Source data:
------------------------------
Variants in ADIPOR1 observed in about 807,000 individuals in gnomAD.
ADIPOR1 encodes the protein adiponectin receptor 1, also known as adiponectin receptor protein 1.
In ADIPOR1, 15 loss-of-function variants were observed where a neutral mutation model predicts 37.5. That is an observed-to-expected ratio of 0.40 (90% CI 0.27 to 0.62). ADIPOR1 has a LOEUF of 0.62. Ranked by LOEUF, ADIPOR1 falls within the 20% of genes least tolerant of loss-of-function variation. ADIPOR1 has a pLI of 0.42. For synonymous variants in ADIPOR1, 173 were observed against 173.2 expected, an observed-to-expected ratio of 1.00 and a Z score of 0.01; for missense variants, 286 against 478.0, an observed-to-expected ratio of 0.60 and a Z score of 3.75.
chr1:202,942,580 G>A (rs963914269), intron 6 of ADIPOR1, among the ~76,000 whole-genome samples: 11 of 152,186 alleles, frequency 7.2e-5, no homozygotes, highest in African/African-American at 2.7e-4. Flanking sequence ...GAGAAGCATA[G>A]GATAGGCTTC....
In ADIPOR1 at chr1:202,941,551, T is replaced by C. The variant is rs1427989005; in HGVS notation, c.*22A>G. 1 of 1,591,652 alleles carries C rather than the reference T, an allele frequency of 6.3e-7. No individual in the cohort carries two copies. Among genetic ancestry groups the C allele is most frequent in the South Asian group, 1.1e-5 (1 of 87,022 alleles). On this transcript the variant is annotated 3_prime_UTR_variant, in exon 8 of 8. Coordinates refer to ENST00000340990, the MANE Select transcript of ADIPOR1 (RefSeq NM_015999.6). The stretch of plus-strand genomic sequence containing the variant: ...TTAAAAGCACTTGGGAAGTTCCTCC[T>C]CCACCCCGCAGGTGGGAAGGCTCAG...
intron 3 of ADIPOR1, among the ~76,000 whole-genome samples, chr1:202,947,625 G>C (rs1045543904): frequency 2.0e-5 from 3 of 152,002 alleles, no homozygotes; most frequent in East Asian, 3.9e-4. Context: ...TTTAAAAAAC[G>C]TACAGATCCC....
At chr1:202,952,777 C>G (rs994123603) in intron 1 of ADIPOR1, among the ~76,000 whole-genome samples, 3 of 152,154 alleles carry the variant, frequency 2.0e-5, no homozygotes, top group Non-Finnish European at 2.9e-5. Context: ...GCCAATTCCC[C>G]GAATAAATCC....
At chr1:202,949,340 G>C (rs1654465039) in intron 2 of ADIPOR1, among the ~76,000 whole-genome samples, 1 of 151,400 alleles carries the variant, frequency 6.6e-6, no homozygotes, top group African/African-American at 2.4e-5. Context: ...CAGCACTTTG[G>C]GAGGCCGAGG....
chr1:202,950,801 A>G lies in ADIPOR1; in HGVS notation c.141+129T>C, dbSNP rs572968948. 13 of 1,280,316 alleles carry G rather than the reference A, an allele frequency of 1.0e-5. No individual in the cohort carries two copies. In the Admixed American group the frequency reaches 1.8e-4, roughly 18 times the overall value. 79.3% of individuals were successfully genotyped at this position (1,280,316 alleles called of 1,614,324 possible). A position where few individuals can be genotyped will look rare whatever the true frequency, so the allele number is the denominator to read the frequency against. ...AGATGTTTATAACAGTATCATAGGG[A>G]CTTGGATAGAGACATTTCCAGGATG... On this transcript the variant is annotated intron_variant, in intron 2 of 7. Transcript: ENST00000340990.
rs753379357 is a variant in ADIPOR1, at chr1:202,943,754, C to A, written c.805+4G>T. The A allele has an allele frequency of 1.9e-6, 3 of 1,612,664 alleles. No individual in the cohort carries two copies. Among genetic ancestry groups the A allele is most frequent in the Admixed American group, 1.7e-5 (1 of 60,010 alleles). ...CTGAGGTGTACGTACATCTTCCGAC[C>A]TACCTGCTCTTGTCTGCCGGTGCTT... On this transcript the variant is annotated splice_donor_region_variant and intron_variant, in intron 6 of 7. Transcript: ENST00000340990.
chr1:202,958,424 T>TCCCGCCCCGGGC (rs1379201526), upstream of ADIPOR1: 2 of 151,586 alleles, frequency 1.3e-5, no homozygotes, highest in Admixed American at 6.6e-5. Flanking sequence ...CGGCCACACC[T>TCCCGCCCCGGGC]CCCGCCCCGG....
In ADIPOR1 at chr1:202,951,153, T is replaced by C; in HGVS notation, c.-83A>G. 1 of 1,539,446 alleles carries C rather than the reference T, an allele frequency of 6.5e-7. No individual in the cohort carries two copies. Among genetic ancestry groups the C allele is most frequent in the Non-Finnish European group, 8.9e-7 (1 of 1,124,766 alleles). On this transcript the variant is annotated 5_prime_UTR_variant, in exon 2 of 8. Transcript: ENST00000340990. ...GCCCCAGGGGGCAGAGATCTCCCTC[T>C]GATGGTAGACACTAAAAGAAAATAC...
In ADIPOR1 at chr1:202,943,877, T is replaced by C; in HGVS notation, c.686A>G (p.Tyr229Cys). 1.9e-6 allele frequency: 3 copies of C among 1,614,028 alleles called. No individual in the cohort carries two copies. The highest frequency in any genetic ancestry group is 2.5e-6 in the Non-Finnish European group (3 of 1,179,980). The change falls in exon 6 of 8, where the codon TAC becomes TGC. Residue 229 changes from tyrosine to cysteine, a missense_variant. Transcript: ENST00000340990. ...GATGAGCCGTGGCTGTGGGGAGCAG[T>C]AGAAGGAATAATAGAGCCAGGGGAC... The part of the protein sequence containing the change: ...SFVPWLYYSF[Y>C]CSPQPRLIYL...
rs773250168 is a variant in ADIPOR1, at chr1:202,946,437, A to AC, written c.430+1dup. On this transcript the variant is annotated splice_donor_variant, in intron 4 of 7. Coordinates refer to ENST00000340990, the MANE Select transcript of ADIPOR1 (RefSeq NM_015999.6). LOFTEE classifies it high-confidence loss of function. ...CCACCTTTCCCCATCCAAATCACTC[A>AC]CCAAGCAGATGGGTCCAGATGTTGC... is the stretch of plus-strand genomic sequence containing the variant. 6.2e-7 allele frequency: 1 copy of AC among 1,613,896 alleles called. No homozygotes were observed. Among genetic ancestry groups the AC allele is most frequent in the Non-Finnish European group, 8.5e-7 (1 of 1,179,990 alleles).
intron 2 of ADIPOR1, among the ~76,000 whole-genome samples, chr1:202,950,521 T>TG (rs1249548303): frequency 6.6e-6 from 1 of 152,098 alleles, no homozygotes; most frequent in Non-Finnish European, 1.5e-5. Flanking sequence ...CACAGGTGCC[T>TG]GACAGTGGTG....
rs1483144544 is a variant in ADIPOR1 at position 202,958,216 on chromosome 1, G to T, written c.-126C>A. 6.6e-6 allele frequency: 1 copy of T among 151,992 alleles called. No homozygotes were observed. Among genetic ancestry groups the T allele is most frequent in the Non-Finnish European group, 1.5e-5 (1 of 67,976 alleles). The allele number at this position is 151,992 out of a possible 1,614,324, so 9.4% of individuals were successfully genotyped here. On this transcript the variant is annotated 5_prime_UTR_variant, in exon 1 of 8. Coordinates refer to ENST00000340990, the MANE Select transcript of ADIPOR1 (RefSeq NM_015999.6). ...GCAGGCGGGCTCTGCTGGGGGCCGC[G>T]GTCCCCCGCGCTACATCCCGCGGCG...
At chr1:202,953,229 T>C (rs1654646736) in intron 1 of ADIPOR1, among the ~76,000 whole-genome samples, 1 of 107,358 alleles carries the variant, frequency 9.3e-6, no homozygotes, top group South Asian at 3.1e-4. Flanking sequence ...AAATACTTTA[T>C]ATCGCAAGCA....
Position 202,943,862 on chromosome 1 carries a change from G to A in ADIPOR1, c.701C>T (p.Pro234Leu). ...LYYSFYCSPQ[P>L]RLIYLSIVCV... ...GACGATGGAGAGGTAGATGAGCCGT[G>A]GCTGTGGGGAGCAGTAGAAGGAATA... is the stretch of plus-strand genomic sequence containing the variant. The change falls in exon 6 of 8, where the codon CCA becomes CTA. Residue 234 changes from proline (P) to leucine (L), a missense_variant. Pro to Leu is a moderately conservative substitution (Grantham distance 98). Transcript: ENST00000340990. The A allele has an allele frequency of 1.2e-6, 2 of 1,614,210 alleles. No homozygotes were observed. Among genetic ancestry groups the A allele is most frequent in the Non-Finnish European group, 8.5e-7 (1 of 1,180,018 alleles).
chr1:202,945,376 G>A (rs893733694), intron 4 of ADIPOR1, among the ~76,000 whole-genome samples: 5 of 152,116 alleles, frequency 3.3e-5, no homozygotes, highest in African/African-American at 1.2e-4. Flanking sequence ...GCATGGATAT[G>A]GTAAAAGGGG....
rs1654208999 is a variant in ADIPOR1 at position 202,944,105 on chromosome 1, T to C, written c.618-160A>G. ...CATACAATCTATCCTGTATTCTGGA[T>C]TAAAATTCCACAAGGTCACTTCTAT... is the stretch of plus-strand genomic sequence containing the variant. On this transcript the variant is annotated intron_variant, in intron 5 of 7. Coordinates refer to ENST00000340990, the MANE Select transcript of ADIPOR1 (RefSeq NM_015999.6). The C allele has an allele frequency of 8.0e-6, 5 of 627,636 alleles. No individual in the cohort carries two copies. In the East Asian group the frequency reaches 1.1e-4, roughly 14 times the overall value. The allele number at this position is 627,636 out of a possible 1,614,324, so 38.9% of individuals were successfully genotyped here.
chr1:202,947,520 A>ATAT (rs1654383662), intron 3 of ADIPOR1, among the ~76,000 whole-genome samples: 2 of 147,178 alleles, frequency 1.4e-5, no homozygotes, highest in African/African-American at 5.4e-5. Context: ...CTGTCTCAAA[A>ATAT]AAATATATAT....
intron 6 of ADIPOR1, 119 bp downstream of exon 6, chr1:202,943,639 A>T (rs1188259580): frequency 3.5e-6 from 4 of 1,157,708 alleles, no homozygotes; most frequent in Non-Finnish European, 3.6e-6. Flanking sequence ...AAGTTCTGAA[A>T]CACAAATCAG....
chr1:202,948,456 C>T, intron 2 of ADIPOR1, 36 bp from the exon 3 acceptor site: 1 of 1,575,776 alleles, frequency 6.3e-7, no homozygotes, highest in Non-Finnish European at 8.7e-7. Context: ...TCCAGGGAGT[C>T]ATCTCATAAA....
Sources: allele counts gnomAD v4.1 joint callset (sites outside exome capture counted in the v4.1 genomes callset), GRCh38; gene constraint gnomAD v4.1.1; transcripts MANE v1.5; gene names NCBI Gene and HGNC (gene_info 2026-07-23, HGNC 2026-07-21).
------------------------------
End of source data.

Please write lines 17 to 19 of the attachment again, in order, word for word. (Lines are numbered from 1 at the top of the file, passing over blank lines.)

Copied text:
At chr1:202,953,229 T>C (rs1654646736) in intron 1 of ADIPOR1, among the ~76,000 whole-genome samples, 1 of 107,358 alleles carries the variant, frequency 9.3e-6, no homozygotes, top group South Asian at 3.1e-4. Flanking sequence ...AAATACTTTA[T>C]ATCGCAAGCA....
Position 202,943,862 on chromosome 1 carries a change from G to A in ADIPOR1, c.701C>T (p.Pro234Leu). ...LYYSFYCSPQ[P>L]RLIYLSIVCV... ...GACGATGGAGAGGTAGATGAGCCGT[G>A]GCTGTGGGGAGCAGTAGAAGGAATA... is the stretch of plus-strand genomic sequence containing the variant. The change falls in exon 6 of 8, where the codon CCA becomes CTA. Residue 234 changes from proline (P) to leucine (L), a missense_variant. Pro to Leu is a moderately conservative substitution (Grantham distance 98). Transcript: ENST00000340990. The A allele has an allele frequency of 1.2e-6, 2 of 1,614,210 alleles. No homozygotes were observed. Among genetic ancestry groups the A allele is most frequent in the Non-Finnish European group, 8.5e-7 (1 of 1,180,018 alleles).
chr1:202,945,376 G>A (rs893733694), intron 4 of ADIPOR1, among the ~76,000 whole-genome samples: 5 of 152,116 alleles, frequency 3.3e-5, no homozygotes, highest in African/African-American at 1.2e-4. Flanking sequence ...GCATGGATAT[G>A]GTAAAAGGGG....